2) Support the victims of plagiarism and punish the purportrators.  This may be tough, since there will always be those who claim plagiarism in cases when there was none, and sometimes great minds can think alike.

3) Fiction writers could cite their sources.  There have been some arguments that this is impossible for fiction, but I think listing inspirational sources would be great.  I read a lot of historical fiction and historical romances and am always curious where the authors found the information on class rank, clothes, and household items: right down to when having an Aubusson carpet was a sign of class to when it went out of fashion.  I think this level of research and historic detail would be fascinating and I would love to know what sources authors turned to and where they added their own creative flair.

What do you think?  What would you suggest?

HP Lexicon – a solution?

There has been much written about the recent trial of Stephen Vander Ark and his Harry Potter Lexicon.  The court recently came to a decision and ruled in favor of J.K. Rowling.  The decision was an interesting one because the court, even though they ruled in favor of Rowling, stated that reference books are protected entities.  A reference work, with the exception of the HPL, is within the bounds of “fair use” (a devil of a phrase) of copyrighted works.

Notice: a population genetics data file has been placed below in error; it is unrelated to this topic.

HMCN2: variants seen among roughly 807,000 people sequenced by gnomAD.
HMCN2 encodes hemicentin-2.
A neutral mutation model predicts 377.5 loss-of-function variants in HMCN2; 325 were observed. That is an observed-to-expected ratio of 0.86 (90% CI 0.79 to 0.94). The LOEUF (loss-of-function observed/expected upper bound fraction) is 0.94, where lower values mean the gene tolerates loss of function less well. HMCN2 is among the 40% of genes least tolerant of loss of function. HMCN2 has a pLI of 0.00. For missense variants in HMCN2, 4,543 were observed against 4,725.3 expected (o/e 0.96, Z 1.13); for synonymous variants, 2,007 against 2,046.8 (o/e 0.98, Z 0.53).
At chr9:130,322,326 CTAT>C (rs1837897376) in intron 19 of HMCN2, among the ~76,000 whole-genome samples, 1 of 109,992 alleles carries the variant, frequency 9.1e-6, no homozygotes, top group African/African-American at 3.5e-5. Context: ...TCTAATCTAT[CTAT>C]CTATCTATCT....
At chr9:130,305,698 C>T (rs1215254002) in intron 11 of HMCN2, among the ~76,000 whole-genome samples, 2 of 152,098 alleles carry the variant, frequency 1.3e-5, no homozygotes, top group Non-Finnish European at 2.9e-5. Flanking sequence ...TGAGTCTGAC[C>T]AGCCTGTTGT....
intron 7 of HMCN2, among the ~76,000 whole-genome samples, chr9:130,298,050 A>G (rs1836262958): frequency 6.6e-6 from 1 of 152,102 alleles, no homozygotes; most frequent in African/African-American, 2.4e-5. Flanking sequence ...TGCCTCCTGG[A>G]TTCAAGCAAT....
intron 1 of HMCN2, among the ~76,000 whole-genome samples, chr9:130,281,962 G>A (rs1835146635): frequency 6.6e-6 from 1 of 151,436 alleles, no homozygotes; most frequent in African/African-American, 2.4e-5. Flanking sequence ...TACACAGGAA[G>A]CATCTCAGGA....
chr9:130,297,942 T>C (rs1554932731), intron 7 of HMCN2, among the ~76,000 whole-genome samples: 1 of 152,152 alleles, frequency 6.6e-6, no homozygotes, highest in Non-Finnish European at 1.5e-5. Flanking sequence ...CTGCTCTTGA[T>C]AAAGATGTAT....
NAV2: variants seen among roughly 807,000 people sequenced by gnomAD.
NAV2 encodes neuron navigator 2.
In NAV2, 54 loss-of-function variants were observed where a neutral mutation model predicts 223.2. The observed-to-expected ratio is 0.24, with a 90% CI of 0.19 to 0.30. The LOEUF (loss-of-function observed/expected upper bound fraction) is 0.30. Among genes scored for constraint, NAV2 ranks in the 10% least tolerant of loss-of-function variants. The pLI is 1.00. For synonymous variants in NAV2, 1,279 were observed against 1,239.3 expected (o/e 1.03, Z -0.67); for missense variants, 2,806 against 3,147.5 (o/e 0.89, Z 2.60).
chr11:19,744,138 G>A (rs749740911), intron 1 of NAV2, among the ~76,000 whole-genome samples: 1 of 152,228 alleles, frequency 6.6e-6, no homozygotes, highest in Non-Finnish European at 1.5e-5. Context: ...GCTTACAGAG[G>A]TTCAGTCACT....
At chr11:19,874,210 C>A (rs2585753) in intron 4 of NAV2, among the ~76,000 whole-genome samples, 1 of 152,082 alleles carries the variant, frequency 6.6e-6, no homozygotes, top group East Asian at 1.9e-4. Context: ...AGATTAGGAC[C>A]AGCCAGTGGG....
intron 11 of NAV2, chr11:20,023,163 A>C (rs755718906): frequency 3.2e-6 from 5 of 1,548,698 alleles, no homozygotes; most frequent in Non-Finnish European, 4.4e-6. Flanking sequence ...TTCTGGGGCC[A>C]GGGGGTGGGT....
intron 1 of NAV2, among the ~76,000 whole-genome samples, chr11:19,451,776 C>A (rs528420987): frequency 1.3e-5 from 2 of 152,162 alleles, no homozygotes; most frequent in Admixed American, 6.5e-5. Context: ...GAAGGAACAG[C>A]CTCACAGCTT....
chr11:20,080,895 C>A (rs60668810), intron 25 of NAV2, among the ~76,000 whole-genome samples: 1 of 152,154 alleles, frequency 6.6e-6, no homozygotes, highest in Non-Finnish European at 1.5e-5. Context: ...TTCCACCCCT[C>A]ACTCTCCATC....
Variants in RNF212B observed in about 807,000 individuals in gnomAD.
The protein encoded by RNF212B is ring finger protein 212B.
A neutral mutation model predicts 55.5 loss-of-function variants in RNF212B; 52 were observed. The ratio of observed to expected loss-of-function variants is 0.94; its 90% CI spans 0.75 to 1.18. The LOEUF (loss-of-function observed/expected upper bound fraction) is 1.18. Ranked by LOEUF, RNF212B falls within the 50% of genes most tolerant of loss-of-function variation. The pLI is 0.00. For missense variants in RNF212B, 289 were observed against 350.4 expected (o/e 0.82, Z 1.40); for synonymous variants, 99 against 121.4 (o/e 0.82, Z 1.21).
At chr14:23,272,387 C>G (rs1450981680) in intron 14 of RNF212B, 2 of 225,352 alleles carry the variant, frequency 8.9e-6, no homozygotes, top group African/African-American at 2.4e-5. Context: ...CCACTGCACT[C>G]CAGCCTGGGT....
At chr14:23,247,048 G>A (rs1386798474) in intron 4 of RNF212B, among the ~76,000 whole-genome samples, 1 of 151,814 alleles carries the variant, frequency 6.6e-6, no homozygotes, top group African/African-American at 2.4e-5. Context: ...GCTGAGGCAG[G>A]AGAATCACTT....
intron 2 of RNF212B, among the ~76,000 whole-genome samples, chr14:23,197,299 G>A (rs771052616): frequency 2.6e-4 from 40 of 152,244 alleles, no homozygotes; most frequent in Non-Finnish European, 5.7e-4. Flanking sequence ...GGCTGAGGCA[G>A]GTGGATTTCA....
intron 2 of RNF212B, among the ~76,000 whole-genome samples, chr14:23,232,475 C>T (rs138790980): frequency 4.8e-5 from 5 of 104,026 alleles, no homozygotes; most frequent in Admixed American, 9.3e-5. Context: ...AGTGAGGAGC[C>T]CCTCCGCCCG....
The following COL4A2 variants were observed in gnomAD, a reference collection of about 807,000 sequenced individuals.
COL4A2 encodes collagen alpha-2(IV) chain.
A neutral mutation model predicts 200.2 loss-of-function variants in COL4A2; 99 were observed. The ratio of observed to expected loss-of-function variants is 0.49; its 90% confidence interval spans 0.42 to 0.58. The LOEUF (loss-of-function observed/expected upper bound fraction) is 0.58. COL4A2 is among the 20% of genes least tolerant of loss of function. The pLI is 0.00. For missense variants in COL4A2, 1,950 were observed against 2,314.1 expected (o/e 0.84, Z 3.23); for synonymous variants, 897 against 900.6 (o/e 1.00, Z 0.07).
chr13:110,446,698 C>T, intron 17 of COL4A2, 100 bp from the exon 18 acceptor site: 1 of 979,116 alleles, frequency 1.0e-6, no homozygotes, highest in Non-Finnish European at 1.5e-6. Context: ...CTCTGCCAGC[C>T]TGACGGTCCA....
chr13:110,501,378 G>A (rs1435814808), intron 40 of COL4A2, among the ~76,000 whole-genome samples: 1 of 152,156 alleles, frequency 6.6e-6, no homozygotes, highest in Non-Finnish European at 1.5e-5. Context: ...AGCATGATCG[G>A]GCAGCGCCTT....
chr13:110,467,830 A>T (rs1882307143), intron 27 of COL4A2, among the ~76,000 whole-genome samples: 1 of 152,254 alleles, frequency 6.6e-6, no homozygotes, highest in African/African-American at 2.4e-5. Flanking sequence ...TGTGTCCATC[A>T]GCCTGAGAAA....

One of the best summaries that I’ve come across is Chris Meadows analysis on Teleread.  I especially like his closing argument

“but now that this decision has provided a blueprint for how to pass fair use muster, she won’t get that lucky again.”

I wonder, in the future, will this case be a new benchmark in copyright law?  Has it set any new precedents or is just a reaffirmation of something we already knew?